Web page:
A city walkable: [Re]Imagining spatial justice through access and public space in North End, East London

Master Thesis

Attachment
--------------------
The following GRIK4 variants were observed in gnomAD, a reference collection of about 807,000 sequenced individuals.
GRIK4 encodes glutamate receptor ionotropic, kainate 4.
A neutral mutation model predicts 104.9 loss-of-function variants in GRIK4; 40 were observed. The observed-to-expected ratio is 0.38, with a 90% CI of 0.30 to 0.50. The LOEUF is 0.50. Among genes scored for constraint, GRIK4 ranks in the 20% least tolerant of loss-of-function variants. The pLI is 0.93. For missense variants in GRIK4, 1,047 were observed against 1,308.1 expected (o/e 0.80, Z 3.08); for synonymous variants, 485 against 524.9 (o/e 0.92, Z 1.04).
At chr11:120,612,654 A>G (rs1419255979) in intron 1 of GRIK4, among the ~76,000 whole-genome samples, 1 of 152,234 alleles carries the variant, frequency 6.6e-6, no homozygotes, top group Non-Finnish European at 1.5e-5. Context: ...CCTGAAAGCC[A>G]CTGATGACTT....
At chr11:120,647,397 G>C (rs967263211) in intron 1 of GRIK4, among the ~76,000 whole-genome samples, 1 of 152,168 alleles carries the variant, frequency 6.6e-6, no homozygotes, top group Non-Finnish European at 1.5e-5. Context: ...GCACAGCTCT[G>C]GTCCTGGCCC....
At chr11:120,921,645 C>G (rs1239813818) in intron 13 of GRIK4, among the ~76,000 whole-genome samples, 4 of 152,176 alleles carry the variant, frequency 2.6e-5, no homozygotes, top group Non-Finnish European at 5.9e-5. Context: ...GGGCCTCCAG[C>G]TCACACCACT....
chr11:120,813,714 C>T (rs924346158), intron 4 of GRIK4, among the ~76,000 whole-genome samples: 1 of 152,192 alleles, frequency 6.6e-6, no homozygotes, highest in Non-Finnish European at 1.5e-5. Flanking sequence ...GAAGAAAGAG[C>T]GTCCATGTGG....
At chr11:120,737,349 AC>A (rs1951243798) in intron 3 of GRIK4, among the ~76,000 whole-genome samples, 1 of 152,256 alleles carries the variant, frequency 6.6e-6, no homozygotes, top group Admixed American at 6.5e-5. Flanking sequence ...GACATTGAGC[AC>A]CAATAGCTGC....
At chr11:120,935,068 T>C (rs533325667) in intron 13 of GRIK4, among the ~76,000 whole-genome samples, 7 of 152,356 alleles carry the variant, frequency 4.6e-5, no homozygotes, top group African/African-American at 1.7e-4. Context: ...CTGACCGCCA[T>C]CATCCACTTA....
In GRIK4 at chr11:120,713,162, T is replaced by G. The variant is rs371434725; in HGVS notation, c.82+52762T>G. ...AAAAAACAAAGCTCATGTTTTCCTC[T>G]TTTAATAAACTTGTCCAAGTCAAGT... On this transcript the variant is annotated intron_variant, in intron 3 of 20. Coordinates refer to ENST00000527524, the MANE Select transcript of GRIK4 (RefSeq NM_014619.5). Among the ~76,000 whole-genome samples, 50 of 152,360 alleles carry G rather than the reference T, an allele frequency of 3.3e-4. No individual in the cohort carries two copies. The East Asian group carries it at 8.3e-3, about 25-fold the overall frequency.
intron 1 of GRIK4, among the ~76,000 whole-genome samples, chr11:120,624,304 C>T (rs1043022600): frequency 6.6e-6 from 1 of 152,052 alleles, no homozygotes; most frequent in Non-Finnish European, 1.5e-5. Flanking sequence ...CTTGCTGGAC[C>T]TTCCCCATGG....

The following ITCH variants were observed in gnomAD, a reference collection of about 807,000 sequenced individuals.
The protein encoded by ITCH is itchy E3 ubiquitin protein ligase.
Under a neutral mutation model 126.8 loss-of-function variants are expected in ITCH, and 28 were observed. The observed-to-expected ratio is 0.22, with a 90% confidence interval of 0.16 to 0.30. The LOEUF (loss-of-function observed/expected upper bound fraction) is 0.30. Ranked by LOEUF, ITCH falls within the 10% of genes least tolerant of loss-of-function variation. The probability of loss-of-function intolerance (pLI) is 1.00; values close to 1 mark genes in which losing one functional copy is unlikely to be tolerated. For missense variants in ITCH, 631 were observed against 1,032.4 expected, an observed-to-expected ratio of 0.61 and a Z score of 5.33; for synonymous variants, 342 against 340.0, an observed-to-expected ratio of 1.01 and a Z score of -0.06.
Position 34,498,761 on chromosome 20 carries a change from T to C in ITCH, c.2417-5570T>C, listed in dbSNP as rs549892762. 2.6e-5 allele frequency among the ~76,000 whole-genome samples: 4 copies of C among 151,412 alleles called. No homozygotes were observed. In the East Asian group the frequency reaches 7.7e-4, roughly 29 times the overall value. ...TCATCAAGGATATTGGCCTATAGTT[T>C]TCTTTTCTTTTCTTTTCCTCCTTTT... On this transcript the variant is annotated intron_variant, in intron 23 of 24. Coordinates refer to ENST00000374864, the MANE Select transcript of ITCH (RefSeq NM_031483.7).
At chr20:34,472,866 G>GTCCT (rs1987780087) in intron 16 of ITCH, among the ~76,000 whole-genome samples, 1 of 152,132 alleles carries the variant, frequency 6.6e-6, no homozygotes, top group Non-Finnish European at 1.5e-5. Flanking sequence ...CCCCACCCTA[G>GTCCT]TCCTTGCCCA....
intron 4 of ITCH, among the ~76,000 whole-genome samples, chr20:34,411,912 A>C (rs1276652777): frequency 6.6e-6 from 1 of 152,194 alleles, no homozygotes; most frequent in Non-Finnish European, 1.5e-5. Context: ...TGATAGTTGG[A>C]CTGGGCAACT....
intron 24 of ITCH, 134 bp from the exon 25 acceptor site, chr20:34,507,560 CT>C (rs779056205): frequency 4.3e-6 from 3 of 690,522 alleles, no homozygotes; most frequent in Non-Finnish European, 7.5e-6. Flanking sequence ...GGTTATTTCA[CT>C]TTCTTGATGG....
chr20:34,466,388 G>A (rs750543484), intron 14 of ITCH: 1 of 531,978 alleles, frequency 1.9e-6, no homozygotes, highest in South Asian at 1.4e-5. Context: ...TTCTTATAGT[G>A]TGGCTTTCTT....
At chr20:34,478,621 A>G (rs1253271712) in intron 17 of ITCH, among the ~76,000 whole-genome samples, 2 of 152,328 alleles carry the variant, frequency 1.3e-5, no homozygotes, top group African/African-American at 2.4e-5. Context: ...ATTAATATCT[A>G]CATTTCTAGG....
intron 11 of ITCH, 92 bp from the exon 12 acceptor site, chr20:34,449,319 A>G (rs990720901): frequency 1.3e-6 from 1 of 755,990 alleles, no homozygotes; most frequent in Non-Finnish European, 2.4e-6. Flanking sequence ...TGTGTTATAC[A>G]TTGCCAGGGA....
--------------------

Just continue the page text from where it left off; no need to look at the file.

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A city walkable is about re-imagining spatial justice through access and public space in North End, East London, South Africa. The research questioned the state of East London's public space, its inner-city decay, and its vehicular dependency. East London lacks good quality public space that is walkable and accessible. A city walkable has streets that are comfortable, safe, interesting and offer choice. The urban environment must foster walkability. Before Apartheid, North End was a mixed-race community that was spatially integrated with the city because of its proximity to the CBD and its urban fabric. North Enders never needed to own a vehicle to access amenities. People could access their everyday amenities on foot and felt safe walking day or night. North End was a walkable, mixed-use neighbourhood. However, due to the Group Areas Act of 1950, people were forcibly removed from the city and relocated to what is now known as townships. Due to this removal people are forced to rely on public transport or private vehicle for mobility. Townships are not mixed-use, and streets do not foster walkability. By removing people from the city, Apartheid removed walkability. The fundamentals of living in a city are access to the convenience of amenities and work. Denying access to the city is a spatial injustice. This denial has resulted in a lack of walkable streets, unsafe public spaces, and car dependency. Since the forced removals of 1950' North End has been rezoned as a light industrial area. The research aimed to unlock the potential for walkability in East London. North End is re-imagined not only a walkable neighbourhood, but as a neighbourhood that is integrated with both township areas and the CBD. The links used to create linkages are a series of urban mixed-use corridors. Thus, creating a city that is spatially just. This makes North End a strategic place in the city which has the potential to become East London's 'knuckle'. Through various interventions, spatial strategies, and framework a more just, walkable city is envisioned.